How Green a City is Philly? Much, Much Greener Than You Think.
From Day One, Mayor Nutter has trumpeted his pet goal of putting Philadelphia among the green city elite. It’s a daring goal, to be sure, given the starting point—the former Workshop of the World is still visibly shedding the cocoon of its industrial past. There have been some visible signs of change recently, from prominent new bike lanes to a gaggle of solar-powered waste receptacles on street corners. But are they token gestures or the tip of a greening iceberg? Decisively the latter, as it turns out, a quickly emerging success story detailed in the 2011 Greenworks Progress Report.
Over the last few years, Philadelphia has emerged as a leader in “clean tech,” attracting a mix of major government and private funding. The U.S.’s first LEED Platinum school building, in Kensington, was followed by a private LEED-Platinum upgrade of two mixed-use Fishtown properties. Meanwhile, city recycling has quadrupled in just four years as it simplified to single-stream and expanded to accept all plastics. And those new bike lanes serve the nation’s leading big-city bike-commuter population. Green stormwater infrastructure like green roofs and permeable pavement are sprouting up in a variety city projects. Even the transition to synchronized, LED traffic signals will save fuel and electricity. Finally, the city is already implementing its “Green 2015” initiative, which seeks to convert 500 acres of under-utilized city-owned land into green spaces. A great example of that undertaking’s transformative potential: the gorgeous new Race Street Pier (pictured above), which has instantly expanded the appeal of the Delaware River waterfront.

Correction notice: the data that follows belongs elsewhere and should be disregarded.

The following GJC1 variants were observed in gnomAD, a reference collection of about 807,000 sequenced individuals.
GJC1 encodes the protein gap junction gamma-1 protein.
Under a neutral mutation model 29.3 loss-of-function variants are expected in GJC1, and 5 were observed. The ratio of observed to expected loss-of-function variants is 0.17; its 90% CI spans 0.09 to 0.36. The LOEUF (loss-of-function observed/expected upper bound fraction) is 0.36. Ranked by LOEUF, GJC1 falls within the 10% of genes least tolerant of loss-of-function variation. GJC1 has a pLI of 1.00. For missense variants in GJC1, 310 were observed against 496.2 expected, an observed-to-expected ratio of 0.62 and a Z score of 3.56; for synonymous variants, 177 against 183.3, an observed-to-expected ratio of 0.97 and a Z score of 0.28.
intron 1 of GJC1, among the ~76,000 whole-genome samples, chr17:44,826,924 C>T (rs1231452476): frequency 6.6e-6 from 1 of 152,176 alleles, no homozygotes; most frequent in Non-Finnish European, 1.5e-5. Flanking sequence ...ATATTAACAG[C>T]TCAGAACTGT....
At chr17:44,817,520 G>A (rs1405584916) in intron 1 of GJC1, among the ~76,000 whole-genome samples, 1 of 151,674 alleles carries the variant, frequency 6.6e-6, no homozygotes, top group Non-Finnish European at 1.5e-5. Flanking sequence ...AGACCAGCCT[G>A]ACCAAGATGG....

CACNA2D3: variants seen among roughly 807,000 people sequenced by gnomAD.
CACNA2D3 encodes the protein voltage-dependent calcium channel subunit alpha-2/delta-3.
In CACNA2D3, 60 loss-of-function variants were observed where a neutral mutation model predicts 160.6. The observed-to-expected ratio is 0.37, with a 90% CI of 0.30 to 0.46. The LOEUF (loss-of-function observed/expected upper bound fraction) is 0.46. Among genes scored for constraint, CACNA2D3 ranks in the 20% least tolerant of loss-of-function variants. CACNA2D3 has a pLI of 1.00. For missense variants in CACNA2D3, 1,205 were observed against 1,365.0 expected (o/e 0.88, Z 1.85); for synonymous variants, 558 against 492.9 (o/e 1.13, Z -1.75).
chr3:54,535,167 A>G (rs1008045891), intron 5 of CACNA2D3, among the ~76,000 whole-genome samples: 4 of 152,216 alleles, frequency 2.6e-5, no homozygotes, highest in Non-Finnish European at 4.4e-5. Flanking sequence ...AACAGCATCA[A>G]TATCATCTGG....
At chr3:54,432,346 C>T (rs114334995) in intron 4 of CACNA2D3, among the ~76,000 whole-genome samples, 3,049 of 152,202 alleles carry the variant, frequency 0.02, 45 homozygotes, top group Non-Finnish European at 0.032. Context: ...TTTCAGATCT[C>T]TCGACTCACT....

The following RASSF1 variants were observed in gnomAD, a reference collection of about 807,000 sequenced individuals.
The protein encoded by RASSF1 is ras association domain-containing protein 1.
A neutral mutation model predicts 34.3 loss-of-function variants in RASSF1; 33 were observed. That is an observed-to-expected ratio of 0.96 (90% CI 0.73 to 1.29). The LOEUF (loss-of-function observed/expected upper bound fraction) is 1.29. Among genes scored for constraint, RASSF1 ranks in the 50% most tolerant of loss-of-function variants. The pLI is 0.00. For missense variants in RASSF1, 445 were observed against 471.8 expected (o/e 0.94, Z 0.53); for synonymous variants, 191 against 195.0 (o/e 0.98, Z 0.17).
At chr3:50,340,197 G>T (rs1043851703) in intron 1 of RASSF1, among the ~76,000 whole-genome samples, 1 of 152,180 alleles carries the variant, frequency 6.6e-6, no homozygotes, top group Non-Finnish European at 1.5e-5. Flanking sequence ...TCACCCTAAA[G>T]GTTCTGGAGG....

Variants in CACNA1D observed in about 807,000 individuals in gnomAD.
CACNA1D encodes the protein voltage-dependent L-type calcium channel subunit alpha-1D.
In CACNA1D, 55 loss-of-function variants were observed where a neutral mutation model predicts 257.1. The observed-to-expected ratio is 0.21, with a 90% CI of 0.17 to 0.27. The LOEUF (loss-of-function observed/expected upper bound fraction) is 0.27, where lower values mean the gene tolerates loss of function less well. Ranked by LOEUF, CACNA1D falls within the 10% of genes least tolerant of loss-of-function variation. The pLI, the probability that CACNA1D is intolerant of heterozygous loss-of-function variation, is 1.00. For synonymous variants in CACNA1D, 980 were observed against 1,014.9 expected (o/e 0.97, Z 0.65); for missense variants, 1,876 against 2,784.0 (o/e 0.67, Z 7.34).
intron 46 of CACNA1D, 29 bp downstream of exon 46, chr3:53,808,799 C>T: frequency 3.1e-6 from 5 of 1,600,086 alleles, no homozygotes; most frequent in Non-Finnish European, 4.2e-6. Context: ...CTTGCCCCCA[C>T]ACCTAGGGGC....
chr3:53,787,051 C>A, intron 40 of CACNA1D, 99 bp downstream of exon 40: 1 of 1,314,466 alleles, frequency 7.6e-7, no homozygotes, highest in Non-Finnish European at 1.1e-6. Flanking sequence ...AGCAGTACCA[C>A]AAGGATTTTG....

The beauty of many of these initiatives is that they address problems facing the city now, while securing Philly’s place as a city of the future. Becoming a green-tech center adds jobs and broadens the tax base. Converting unused city lots to parks makes neighborhoods safer, cleaner and more hospitable. Facilitating bike commuting eases congestion and air pollution. Greening city infrastructure saves on energy costs and eases the burden on municipal water treatment facilities. It’s a genuine case of the “win-win” cliché.
But, lest you think me a breathless shill for Philly and the Nutter Administration, I should point out that the city still has quite a long way to go. For example, its recycling rates are still relatively low (Seattle’s is close to triple); it lacks the curbside composting of leading green cities such as San Francisco, Seattle and Boulder (despite grassroots efforts like Sustainable 19125’s Compost Co-op); Chicago and New York are adding green roofs more quickly; and we can’t really compete with Portland for bicycle-friendliness (though we’re neck and neck for best beer town in the U.S.). These (mostly) West Coast cities are the leaders, but at least now they can hear Philly’s rapid footsteps behind them.
To do your part: work on greening your home and your commute, encourage your office to take the Philadelphia Bar’s sustainability pledge, and generally strive to be more thoughtful and informed about your environmental impact. It all adds up quickly!